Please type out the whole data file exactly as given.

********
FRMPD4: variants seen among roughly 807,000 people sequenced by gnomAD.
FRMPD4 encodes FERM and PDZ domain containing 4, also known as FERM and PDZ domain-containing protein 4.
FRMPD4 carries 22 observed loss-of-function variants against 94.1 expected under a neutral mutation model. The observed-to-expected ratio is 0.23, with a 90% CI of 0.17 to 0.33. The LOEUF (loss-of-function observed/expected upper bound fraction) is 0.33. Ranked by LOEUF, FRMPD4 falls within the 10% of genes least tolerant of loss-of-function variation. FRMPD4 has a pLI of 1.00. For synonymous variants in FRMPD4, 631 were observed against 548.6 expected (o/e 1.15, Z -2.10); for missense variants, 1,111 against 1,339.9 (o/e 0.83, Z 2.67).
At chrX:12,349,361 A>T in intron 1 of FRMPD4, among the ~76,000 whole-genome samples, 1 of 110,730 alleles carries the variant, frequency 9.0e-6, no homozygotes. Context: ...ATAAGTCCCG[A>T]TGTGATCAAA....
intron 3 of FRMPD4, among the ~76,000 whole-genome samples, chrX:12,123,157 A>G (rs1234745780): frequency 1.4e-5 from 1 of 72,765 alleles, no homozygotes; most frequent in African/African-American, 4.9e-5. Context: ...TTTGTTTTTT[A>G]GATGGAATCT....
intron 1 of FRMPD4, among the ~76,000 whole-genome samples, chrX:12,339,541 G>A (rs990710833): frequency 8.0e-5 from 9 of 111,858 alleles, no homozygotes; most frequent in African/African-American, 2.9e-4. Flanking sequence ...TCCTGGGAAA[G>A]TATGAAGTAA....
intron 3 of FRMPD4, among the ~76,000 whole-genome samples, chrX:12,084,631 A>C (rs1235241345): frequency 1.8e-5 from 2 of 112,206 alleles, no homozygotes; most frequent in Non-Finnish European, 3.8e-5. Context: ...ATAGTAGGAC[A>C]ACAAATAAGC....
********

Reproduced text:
FRMPD4: variants seen among roughly 807,000 people sequenced by gnomAD.
FRMPD4 encodes FERM and PDZ domain containing 4, also known as FERM and PDZ domain-containing protein 4.
FRMPD4 carries 22 observed loss-of-function variants against 94.1 expected under a neutral mutation model. The observed-to-expected ratio is 0.23, with a 90% CI of 0.17 to 0.33. The LOEUF (loss-of-function observed/expected upper bound fraction) is 0.33. Ranked by LOEUF, FRMPD4 falls within the 10% of genes least tolerant of loss-of-function variation. FRMPD4 has a pLI of 1.00. For synonymous variants in FRMPD4, 631 were observed against 548.6 expected (o/e 1.15, Z -2.10); for missense variants, 1,111 against 1,339.9 (o/e 0.83, Z 2.67).
At chrX:12,349,361 A>T in intron 1 of FRMPD4, among the ~76,000 whole-genome samples, 1 of 110,730 alleles carries the variant, frequency 9.0e-6, no homozygotes. Context: ...ATAAGTCCCG[A>T]TGTGATCAAA....
intron 3 of FRMPD4, among the ~76,000 whole-genome samples, chrX:12,123,157 A>G (rs1234745780): frequency 1.4e-5 from 1 of 72,765 alleles, no homozygotes; most frequent in African/African-American, 4.9e-5. Context: ...TTTGTTTTTT[A>G]GATGGAATCT....
intron 1 of FRMPD4, among the ~76,000 whole-genome samples, chrX:12,339,541 G>A (rs990710833): frequency 8.0e-5 from 9 of 111,858 alleles, no homozygotes; most frequent in African/African-American, 2.9e-4. Flanking sequence ...TCCTGGGAAA[G>A]TATGAAGTAA....
intron 3 of FRMPD4, among the ~76,000 whole-genome samples, chrX:12,084,631 A>C (rs1235241345): frequency 1.8e-5 from 2 of 112,206 alleles, no homozygotes; most frequent in Non-Finnish European, 3.8e-5. Context: ...ATAGTAGGAC[A>C]ACAAATAAGC....